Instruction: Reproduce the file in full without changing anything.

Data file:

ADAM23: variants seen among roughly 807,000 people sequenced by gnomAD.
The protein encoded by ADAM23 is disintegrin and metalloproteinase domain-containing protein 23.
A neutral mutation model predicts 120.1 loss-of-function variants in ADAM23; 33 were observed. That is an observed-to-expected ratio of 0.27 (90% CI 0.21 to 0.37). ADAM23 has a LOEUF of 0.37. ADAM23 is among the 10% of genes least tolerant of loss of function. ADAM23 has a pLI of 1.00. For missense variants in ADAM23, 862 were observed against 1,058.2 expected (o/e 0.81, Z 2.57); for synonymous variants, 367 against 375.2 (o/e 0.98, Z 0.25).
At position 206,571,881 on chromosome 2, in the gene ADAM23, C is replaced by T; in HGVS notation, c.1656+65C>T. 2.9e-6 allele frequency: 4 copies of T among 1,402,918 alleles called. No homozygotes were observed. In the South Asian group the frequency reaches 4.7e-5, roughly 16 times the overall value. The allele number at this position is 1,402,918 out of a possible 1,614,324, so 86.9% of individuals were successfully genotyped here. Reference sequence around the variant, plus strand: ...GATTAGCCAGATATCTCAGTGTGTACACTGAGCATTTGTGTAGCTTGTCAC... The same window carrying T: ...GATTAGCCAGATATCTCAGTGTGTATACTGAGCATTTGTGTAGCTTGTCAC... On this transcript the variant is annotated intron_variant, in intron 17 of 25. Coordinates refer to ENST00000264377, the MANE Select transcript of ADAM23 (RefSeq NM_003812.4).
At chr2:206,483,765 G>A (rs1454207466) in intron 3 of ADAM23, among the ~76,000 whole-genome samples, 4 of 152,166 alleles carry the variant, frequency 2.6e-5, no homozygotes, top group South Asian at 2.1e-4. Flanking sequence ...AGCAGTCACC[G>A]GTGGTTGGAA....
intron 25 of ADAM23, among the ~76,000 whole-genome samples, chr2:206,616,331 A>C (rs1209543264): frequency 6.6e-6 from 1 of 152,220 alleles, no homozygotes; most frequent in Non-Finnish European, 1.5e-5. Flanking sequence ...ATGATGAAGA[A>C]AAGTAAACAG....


ADAM23: variants seen among roughly 807,000 people sequenced by gnomAD.
The protein encoded by ADAM23 is disintegrin and metalloproteinase domain-containing protein 23.
A neutral mutation model predicts 120.1 loss-of-function variants in ADAM23; 33 were observed. That is an observed-to-expected ratio of 0.27 (90% CI 0.21 to 0.37). ADAM23 has a LOEUF of 0.37. ADAM23 is among the 10% of genes least tolerant of loss of function. ADAM23 has a pLI of 1.00. For missense variants in ADAM23, 862 were observed against 1,058.2 expected (o/e 0.81, Z 2.57); for synonymous variants, 367 against 375.2 (o/e 0.98, Z 0.25).
At position 206,571,881 on chromosome 2, in the gene ADAM23, C is replaced by T; in HGVS notation, c.1656+65C>T. 2.9e-6 allele frequency: 4 copies of T among 1,402,918 alleles called. No homozygotes were observed. In the South Asian group the frequency reaches 4.7e-5, roughly 16 times the overall value. The allele number at this position is 1,402,918 out of a possible 1,614,324, so 86.9% of individuals were successfully genotyped here. Reference sequence around the variant, plus strand: ...GATTAGCCAGATATCTCAGTGTGTACACTGAGCATTTGTGTAGCTTGTCAC... The same window carrying T: ...GATTAGCCAGATATCTCAGTGTGTATACTGAGCATTTGTGTAGCTTGTCAC... On this transcript the variant is annotated intron_variant, in intron 17 of 25. Coordinates refer to ENST00000264377, the MANE Select transcript of ADAM23 (RefSeq NM_003812.4).
At chr2:206,483,765 G>A (rs1454207466) in intron 3 of ADAM23, among the ~76,000 whole-genome samples, 4 of 152,166 alleles carry the variant, frequency 2.6e-5, no homozygotes, top group South Asian at 2.1e-4. Flanking sequence ...AGCAGTCACC[G>A]GTGGTTGGAA....
intron 25 of ADAM23, among the ~76,000 whole-genome samples, chr2:206,616,331 A>C (rs1209543264): frequency 6.6e-6 from 1 of 152,220 alleles, no homozygotes; most frequent in Non-Finnish European, 1.5e-5. Flanking sequence ...ATGATGAAGA[A>C]AAGTAAACAG....